By Brother Stanley Culotta, C.S.C., M.D.
President of Holy Cross of San Antonio
Everyone is familiar with the expression, “the only definite things are death and taxes.” There isn’t much controversy with death but that cannot be said about taxes. Is there anyone who enjoys paying taxes? Do you enjoy paying taxes? Under one guise or another almost everyone pays school taxes. If you are a property owner then you almost certainly do pay school taxes. In principle this might be one of the taxes that is least opposed. Most of the opposition arises in its allocation. That aspect of school taxes has been addressed in previous articles and will be repeated again. But, there is another face of school taxes that needs to be unveiled. So accept the fact that your taxes have been assessed and paid and you have chosen to send your child or children to a Catholic school.
Well, since you have paid your school taxes and your tuition, one would expect to receive some special tax allowance. All Catholic schools are 501(c)(3) non-profit, tax exempt organizations. Qualifying donations to these organizations are deductible expenses. So, when April 15th comes around and you prepare your income tax return, you expect to have a deduction allowance or credit. Not so! You donate to your church and receive a deductible expense. How do you explain the conflict?
How does the IRS explain the conflict? There are two components to the explanation. The first component identifies (really rationalizes) tuition that is deductible by defining “an eligible educational institution” and “an eligible student,” as stated in IRS Publication 970:
An eligible educational institution is any college, university, vocational school, or other postsecondary educational institution eligible to participate in a student aid program administered by the U.S. Department of Education. It includes virtually all accredited public, nonprofit, and proprietary (privately owned profit-making) postsecondary institutions. The educational institution should be able to tell you if it is an eligible educational institution.
An eligible student is a student who is enrolled in one or more courses at an eligible educational institution. The student must have either a high school diploma or a General Educational Development (GED) credential. http://www.irs.gov/publications/p970/
Does this definition describe your Catholic school? Does this eligibility include your child or children in a Catholic school? The answer to both of these questions is a resounding NO! Publication 970 is much more than these two statements. These eligibility requirements could have been stated in one simple sentence: Tuition paid for Catholic elementary and secondary school education is not a deductible expense. In an attempt to conceal the essence of their definitions, which is anti-Catholicism, a further clarification is presented.
When referring to institutions the IRS Code states, “Generally, you can deduct your contributions of money or property that you make to, or for the use of, a qualified organization”. Among the organizations listed as qualified organizations are “religious” and “educational” organizations. On the other hand, the IRS code states conditions in which you cannot claim a charitable contribution: “The part of a contribution from which you receive or expect to receive a benefit.” http://www.irs.gov/publications/p526/index.html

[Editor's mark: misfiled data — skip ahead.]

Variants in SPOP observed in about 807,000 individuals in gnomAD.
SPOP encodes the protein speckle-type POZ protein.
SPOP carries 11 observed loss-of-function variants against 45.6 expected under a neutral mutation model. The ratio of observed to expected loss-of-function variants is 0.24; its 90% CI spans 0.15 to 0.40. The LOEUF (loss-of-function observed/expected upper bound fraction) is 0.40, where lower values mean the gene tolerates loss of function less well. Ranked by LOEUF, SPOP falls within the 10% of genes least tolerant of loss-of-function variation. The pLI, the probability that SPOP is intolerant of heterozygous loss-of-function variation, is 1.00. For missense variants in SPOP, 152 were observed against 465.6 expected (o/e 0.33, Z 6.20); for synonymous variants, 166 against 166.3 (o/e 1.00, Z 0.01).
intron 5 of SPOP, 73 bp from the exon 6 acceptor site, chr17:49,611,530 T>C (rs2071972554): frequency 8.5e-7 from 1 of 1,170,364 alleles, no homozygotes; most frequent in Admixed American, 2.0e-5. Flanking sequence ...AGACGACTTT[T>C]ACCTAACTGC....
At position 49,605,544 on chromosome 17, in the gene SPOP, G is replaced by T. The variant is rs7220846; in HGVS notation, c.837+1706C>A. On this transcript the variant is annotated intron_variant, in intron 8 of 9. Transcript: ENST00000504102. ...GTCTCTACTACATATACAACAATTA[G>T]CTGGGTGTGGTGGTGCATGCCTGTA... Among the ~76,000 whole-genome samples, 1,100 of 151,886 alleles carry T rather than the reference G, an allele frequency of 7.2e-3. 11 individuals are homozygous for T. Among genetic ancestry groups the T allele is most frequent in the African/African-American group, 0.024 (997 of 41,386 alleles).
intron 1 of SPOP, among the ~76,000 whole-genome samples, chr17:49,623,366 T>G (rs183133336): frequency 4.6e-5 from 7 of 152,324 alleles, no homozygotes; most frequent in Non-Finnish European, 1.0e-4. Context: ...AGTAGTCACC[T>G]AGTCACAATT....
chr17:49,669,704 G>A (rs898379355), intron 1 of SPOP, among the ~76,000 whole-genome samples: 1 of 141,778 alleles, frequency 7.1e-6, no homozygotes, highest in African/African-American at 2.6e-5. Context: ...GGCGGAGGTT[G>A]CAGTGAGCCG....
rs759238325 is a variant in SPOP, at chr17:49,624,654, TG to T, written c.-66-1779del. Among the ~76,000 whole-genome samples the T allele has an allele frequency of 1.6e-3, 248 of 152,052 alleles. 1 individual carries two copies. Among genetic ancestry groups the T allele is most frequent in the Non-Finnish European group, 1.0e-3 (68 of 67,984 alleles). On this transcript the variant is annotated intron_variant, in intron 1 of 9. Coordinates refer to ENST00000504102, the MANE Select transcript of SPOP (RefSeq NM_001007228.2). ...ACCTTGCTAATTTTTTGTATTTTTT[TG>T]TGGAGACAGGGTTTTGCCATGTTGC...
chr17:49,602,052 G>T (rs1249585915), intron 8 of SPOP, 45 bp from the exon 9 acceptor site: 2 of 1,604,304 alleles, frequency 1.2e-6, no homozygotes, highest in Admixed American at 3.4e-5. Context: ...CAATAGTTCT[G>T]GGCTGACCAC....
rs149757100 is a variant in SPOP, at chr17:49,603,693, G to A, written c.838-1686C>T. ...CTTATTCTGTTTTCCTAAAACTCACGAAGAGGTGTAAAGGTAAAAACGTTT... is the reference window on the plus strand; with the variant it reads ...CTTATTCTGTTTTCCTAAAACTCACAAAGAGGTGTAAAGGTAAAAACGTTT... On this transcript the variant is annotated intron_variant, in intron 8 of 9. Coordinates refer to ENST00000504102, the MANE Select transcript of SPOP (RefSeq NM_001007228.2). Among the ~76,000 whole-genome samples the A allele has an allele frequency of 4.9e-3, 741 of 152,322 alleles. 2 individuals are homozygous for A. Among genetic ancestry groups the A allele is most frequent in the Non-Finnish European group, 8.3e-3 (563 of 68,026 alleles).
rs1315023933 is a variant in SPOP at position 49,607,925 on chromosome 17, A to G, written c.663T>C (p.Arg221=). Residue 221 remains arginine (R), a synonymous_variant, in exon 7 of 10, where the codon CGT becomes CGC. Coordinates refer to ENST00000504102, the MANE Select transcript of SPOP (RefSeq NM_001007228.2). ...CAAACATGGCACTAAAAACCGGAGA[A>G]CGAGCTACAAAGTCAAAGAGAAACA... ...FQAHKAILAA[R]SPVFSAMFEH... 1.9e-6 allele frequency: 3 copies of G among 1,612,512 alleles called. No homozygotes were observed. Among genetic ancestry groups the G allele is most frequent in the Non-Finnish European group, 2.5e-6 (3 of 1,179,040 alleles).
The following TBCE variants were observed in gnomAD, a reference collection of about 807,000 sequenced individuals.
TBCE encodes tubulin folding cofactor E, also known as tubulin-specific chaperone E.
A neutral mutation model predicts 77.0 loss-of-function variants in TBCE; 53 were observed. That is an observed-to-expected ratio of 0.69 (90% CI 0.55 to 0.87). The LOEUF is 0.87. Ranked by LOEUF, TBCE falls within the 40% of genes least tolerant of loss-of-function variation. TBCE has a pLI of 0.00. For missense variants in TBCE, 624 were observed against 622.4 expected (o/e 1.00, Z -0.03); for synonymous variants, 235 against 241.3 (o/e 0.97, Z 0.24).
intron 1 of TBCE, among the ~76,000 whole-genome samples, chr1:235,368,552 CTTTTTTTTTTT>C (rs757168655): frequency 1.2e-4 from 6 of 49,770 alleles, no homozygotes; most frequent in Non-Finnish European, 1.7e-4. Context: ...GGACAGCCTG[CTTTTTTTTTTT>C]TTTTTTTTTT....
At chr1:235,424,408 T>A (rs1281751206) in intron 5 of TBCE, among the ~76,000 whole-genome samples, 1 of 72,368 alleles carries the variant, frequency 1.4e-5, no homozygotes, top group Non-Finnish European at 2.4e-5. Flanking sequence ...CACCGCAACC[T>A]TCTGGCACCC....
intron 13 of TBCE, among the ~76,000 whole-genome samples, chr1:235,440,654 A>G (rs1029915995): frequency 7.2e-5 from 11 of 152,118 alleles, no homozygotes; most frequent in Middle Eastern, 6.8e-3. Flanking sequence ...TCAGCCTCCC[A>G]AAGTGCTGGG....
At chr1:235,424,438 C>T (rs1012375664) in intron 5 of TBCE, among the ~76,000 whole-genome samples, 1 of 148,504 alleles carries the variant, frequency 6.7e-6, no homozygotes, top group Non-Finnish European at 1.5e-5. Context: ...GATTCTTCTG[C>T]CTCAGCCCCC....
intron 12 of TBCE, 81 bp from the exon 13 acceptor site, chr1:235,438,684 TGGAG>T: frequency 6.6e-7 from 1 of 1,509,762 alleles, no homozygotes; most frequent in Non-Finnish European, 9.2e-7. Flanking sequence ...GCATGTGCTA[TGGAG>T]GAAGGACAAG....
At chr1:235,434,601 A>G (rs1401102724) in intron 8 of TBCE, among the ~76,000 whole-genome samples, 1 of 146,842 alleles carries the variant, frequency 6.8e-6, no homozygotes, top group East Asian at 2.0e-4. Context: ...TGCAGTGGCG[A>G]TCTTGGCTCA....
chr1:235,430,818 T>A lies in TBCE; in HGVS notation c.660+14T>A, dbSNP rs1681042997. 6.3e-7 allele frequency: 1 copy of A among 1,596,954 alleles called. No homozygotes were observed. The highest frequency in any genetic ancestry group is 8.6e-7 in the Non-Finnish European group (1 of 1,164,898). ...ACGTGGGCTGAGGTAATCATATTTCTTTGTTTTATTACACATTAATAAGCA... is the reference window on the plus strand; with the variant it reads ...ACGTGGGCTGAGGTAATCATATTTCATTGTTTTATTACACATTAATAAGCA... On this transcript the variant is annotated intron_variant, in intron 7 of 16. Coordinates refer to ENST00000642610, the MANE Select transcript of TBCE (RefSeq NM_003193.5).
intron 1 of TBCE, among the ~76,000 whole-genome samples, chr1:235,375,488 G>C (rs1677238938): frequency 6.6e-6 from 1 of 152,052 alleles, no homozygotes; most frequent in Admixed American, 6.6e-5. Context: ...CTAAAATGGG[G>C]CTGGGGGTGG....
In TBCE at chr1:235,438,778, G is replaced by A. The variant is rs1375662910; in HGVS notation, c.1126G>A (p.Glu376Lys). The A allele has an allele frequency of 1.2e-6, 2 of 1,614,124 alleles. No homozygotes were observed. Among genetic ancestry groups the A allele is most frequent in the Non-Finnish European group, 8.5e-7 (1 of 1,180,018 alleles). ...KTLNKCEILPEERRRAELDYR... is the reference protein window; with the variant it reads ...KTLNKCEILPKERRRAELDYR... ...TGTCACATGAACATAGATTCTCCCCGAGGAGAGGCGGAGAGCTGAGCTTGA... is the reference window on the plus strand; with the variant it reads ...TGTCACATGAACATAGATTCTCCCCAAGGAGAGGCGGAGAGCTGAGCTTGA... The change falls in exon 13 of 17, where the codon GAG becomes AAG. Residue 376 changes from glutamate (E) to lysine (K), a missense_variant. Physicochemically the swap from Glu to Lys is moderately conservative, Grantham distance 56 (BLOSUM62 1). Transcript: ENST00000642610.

Those statements seem to follow that if you claim a deduction for the contribution that you make to your church when you attend services, then that is equivalent to stating that you received no benefit from the service! The same could be said about your donation to any qualified institution.
For more than two hundred years the expression “separation of church and state” was used to deny benefits to parents of children in Catholic schools. Supported by this popular battle cry, it was argued that Catholic schools are primarily religious organizations. But even though that expression was debunked by the Supreme Court in 2002 (Zelman v. Simmons-Harris), descendents of laws or statutes that accompanied the expression are still in effect. It is probably very difficult for people who are prejudiced to admit they are prejudiced and they are wrong, even when proven so.
Many parents choose a Catholic school because they want their children to receive the values that are compatible with their religious beliefs. But when these parents make that choice, they are forced to accept that the education entitlement is available only at a public school. They are forced to accept that the Catholic school they chose is not an eligible educational institution. They are forced to accept that the Catholic school is a religious organization but it is not a religious organization like the one in the IRS tax code. It used to be a religious organization when “separation of church and state” was popular. But finally, there is something true. Parents are forced to accept that they have received something of value for their tuition, a Catholic education. And therefore the tuition is not deductible. Yes, parents of children in Catholic schools incur double taxation: school taxes based on property ownership and taxable income that is used to pay for tuition.
When it comes to tax credits or deductions, Catholic parents who send their children to Catholic schools do not fall through the cracks. The IRS Tax Codes force these parents into the cracks.
To enact these tax laws that are anti-Catholic without saying anti-Catholic requires more literary dancing. This is the IRS Jitterbug!